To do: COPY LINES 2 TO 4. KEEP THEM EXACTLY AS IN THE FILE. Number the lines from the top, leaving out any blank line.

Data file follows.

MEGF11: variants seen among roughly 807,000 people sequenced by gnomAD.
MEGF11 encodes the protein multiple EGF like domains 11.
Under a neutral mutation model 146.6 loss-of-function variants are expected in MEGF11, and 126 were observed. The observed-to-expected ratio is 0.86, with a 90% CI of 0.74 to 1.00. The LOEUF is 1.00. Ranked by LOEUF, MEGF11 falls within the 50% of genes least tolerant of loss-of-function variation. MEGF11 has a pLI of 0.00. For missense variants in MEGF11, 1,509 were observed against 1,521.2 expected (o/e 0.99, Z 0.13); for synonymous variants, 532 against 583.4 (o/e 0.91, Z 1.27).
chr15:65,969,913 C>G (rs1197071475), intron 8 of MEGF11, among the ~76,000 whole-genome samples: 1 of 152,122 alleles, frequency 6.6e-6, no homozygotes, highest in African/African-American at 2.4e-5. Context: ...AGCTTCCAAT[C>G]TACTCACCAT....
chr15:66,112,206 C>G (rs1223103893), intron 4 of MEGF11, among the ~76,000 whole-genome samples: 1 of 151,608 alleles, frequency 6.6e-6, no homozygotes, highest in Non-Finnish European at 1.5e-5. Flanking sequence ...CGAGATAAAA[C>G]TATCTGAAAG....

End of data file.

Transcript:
MEGF11 encodes the protein multiple EGF like domains 11.
Under a neutral mutation model 146.6 loss-of-function variants are expected in MEGF11, and 126 were observed. The observed-to-expected ratio is 0.86, with a 90% CI of 0.74 to 1.00. The LOEUF is 1.00. Ranked by LOEUF, MEGF11 falls within the 50% of genes least tolerant of loss-of-function variation. MEGF11 has a pLI of 0.00. For missense variants in MEGF11, 1,509 were observed against 1,521.2 expected (o/e 0.99, Z 0.13); for synonymous variants, 532 against 583.4 (o/e 0.91, Z 1.27).
chr15:65,969,913 C>G (rs1197071475), intron 8 of MEGF11, among the ~76,000 whole-genome samples: 1 of 152,122 alleles, frequency 6.6e-6, no homozygotes, highest in African/African-American at 2.4e-5. Context: ...AGCTTCCAAT[C>G]TACTCACCAT....